When asked if the garden helped the health of the family, 94.9% of participants reported that it did. A high percentage of participants (92.3%) also encouraged other families to start a garden too. Over two thirds of the participants (69.2%) reported that children under the age of 18 helped in the garden. This may have been their children, relatives or neighbors. All respondents reported receiving the support that they needed to prepare, plan, tend, and harvest the garden, though there were requests for support in the future. Specifically, many families requested support with getting seeds (n=24), composting (n=23), pest control (n=19), and advice on garden care (e.g. mulching and watering) (n=14). Almost all the families (92.1%) planned to attend the Harvest Fiesta Celebration, though of the families that responded to the question about attendance only 33.3% reported attending.
The open-ended questions, “How do you think having a garden will help your family?” and “Do you think the garden helped the health of your family? If yes, how?”, were asked in the pre and post gardening surveys, respectively. Thirty-six participants responded to the pre-gardening open-ended question, with two other participants leaving the question blank. On the post gardening survey, 38 participants answered the open-ended question, with two other participants leaving the open-ended question blank, and two other participants had dropped out of the study. The responses to these two open ended questions generated several emergent themes (). Comments about physical health benefits and economic benefits were the most frequently mentioned concepts in the pre-gardening open-ended question. Comments about mental health and well-being, and family health were mentioned much less often. In the post gardening open-ended question, physical health benefits was still the most frequently mentioned concept, however, comments about economic benefits were mentioned much less often.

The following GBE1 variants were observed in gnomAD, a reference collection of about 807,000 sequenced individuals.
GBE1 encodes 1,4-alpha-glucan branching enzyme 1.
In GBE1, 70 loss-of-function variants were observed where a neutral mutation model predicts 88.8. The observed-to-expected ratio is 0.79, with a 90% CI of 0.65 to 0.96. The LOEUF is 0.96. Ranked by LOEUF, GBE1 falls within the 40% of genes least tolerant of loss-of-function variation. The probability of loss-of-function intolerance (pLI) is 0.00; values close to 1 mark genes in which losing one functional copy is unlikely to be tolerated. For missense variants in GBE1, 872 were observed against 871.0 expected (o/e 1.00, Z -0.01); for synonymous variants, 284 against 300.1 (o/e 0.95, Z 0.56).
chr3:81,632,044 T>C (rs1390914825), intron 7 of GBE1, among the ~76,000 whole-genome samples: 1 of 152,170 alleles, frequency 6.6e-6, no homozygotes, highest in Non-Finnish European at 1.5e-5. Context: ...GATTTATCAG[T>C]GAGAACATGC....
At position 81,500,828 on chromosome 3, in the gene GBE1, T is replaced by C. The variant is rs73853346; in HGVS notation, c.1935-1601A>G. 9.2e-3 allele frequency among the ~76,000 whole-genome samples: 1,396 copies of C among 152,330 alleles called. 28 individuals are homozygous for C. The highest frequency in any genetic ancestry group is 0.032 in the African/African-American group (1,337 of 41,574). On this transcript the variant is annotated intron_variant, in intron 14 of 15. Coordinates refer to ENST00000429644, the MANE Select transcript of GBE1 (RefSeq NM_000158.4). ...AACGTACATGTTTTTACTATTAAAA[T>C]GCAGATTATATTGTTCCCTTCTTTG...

Emergent Themes from Responses to Pre-survey and Post-survey Questions: Pre: How do you think having a garden will help your family? Post: Do you think the garden helped the health of your family? If yes, how?
One participant responded to the pre gardening open-ended question by expressing a desire to learn how to cultivate more vegetables, falling under the concept of “learning” (data now shown). Additionally, when participants were asked why or why not the gardening meetings were helpful, almost half (10/21) of participants mentioned the benefits of learning from others through sharing knowledge and experiences.
provides summary results from the 10 post-gardening key informant interviews. Two core questions were asked and from these six themes emerged. The primary area of importance relevant to what the gardening program has meant for these underserved families is food security and safety. A secondary theme is carrying on the traditions from their home country. The second core question was relevant to the sharing and learning educational program delivered about pesticides and other aspects of organic gardening. Both anticipated and unexpected learning occurred related to both the gardening program and building trust with investigators from the academic partnership.
Thematic Summary from Post Gardening Key Informant Interviews - 2009/2010 Harvest Fiesta